Now, I do believe children can learn to be responsible at a very young age. When they are two to three I do help them begin to learn to clean up after themselves. But we do it together usually singing a song. “Clean up, clean up, everybody, everywhere. Clean up, clean up, everybody does their share.” Two or three times through and all the Barbie and Ken parts and pieces are in the bin. When they get older, competition gets them every time. “Ok! Let’s see who can pick up the most Legos!” Bam! Clean up done!
Forget your dignity
Hint. Forget dignity or decorum. Forget yourself. Be into them. Don’t care about what you look like or sound like. Tap into that child that still lives inside of you and let that child out! Let that child play with them. Be the monster they want you to be. Sound like Barbie or Ken when you are playing Barbie and Ken. When you play hide and seek pretend you can’t see them even when you see them right away. And be over the top dramatically surprised when you finally find them. This does not cost money or take any equipment. It takes focusing on hiding and finding. And, it takes letting go of dignity and decorum. Don’t be self-consciousness. Be kid conscious. They will play hide and seek for a long time if you remain focused. And, oh, you do have to be able to count to ten.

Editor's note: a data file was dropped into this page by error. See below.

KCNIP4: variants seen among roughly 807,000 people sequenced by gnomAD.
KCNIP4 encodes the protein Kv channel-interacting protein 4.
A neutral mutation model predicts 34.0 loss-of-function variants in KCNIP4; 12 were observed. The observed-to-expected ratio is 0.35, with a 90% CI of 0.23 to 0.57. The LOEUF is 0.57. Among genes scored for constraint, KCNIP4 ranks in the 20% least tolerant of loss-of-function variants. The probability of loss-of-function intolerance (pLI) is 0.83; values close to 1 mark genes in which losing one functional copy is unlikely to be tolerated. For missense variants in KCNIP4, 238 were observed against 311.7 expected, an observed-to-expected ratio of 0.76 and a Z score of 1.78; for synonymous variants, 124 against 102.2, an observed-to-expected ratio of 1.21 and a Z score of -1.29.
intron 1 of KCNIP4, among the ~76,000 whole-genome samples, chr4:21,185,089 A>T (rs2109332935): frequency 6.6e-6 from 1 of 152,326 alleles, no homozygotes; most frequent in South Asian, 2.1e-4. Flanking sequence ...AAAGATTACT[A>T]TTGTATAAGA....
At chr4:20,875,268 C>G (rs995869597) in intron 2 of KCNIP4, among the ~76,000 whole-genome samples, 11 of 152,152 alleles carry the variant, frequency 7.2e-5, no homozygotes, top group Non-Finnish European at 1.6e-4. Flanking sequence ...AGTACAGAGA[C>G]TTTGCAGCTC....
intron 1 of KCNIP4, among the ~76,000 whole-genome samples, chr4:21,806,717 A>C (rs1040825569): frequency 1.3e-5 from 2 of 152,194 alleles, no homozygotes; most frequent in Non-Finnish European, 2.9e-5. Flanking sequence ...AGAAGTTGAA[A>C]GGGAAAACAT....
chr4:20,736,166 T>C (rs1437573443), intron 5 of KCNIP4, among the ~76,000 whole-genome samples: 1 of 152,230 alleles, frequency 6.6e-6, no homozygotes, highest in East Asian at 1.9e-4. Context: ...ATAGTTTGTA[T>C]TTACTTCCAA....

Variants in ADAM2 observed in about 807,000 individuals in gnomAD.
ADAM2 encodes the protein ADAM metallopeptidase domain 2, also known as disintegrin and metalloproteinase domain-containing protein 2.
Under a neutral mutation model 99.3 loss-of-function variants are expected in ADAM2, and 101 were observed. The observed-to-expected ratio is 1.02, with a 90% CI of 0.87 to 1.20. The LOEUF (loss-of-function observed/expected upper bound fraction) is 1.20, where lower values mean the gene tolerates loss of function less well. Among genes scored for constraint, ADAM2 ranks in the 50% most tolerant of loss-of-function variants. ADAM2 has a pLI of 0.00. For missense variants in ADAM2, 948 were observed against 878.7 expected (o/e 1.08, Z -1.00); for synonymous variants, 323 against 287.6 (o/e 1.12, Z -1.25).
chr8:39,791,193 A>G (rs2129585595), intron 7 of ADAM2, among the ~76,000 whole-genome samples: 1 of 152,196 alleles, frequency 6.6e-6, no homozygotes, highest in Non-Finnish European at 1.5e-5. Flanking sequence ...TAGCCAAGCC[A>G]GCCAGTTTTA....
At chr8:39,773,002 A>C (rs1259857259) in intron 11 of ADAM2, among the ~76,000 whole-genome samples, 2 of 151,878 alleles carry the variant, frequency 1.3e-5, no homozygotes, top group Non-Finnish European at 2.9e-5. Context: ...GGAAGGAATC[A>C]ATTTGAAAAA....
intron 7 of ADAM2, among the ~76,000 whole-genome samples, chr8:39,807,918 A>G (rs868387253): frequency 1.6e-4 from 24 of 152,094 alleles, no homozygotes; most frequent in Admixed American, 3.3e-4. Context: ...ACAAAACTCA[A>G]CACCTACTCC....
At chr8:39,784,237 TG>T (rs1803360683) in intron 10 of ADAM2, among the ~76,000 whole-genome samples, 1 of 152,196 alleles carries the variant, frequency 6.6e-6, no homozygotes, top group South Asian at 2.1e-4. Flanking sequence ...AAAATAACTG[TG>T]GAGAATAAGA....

Summary just in case
Don’t multi-task. Give them your full and undivided attention. Don’t worry about a clean house. You can clean after they leave. And, don’t worry about what anyone else thinks about you. “Does she know what she looks like when she does that?!” “She sounds like a fool!” “Her house is a mess!” Yup. I look crazy and sound like a fool. And, my house is a disaster when they visit. It’s where I choose to live so that my grandchildren will draw crazy pictures of me even when I am not around. It is crazy wonderful, crazy love, and a crazy life. It is Gramasylum, after all.
Here it is up close. Now can you tell it’s me? She knows me and is thinking about me. It’s perfect.